The Psyche of Feminism argues that a feminist ethics, in order to be both feminist and ethical, needs to embrace psychoanalysis. After reviewing the relation between feminism and psychoanalysis and arguing for the centrality of psychoanalysis to feminist thought, the study offers an analysis of two attempts by George Sand to reimagine the sexual relationship (Letters to Marcie, Lelia), where the emphasis is on political injustice and the impossibility of women's desires. Moving from rights and desires to the question of pleasures, Peebles then takes up a relatively little-read work by Colette, The Pure and the Impure, in which the narrator suggests that pleasure and its corporeal language hold the key to any understanding of masculinity and femininity.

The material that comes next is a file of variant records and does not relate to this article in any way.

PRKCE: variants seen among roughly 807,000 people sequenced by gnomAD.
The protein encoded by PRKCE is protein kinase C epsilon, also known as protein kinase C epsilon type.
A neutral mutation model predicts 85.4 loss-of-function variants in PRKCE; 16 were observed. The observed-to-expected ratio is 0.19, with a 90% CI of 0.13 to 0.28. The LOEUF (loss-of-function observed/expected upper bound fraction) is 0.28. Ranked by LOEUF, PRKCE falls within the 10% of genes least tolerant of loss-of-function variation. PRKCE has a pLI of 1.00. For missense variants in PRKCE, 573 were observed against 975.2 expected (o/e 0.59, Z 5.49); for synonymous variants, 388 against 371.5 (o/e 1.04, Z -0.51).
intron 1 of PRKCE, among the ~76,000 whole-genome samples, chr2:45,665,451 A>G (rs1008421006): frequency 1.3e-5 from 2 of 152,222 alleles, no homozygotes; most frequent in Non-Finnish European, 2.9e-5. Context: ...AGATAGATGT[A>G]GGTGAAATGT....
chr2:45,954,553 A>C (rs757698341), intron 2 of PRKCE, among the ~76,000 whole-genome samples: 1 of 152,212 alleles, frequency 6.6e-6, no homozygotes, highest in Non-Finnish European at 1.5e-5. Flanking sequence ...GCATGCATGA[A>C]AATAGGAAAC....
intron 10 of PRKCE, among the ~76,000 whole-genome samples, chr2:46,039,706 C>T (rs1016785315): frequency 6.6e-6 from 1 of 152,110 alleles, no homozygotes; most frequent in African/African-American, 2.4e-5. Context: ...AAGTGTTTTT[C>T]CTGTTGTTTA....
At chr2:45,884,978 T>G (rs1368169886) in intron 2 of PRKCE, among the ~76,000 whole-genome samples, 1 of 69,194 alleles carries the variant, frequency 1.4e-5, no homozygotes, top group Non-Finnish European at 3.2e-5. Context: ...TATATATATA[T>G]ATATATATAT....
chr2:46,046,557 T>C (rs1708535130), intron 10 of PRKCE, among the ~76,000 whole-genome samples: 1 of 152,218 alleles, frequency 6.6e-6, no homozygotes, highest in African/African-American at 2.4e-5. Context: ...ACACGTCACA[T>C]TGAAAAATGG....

Subjects: Language & Literature, Psychology
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